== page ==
NEW YORK (AdAge.com) -- Americans continue to shun carbonated soft drinks, leading to the fourth consecutive year of volume declines in the category. Consumers are drinking the same amount of soft drinks they did more than a decade ago.
In 2008, category volume, as defined by cases sold, declined by 3%, according to data released today by Beverage Digest, and declines over the past four years have now eliminated gains made in the eight years prior to that, bringing the category back to 1997 volume levels. The data includes energy drinks and captures all channels, including retail, fountain and vending machines.
"Carbonated soft drinks are definitely a drag right now [on the entire beverage category]," said John Sicher, editor and publisher of Beverage Digest. "The category is so big and the rate of decline is worsening."
Mr. Sicher acknowledged that the economy had a modest impact on carbonated soft drinks. High gas prices last summer, for example, caused sales at convenience stores to slow. Still, volume declines in 2008 were more a symptom of ongoing issues within the category, rather than a one-time decline related to economic woes. "We're not going to see carbonated soft drinks turn around anytime soon," Mr. Sicher said. "The big challenge for Coke, Pepsi and [Dr Pepper Snapple] is to get their soda business back at least to flat, so it doesn't drag down the overall industry."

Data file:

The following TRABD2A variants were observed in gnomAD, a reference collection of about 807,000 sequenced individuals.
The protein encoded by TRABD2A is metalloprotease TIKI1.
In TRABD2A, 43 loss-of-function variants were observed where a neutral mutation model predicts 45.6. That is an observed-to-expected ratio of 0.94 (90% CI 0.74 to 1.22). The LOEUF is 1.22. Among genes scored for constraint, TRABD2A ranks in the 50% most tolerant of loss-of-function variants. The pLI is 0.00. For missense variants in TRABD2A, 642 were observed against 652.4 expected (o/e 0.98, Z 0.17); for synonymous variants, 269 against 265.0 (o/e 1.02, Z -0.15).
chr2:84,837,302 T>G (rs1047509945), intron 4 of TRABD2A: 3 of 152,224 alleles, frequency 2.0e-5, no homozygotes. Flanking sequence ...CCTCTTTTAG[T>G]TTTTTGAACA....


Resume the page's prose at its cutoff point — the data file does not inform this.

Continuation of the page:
According to data released today by Beverage Marketing Corp., carbonated soft drinks account for 47.5% of the beverage category's volume, down 0.5% from 2007. The next largest segment, bottled water, accounts for only 29%.
Many beverage segments saw volume declines in 2008, though there were a few notable exceptions. Flavored and enhanced water gained 8.3% volume and energy drinks gained 9% volume. Those two categories, along with bottled water, also gained market share. The beverage category as a whole saw volume decline 2%.
In the carbonated soft-drink segment, price increases and growth among premium-priced energy drinks are offsetting volume declines, to some extent. The retail value of the business rose 1% to $72.7 billion, but it's unclear whether prices will continue to increase to make up for lost volume. Commodity costs, however, which were blamed for some increases last year, do appear to be less of an issue going forward. And with private-label brands gaining ground with some consumers, continued price increases would seem unwise.
Among soft-drink companies, Coca-Cola and PepsiCo lost share, while Dr Pepper Snapple and Red Bull gained share.
Within the top 10 carbonated soft-drink brands, brand Coke gained 0.1 share points, while Pepsi lost 0.4 share points. Mtn Dew, Diet Mtn Dew and Dr Pepper all gained share, while Diet Pepsi lost. Diet Coke, Sprite, Fanta and Diet Dr Pepper were flat. Coke Zero has nearly cracked the top 10, Mr. Sicher said, following huge growth in 2008.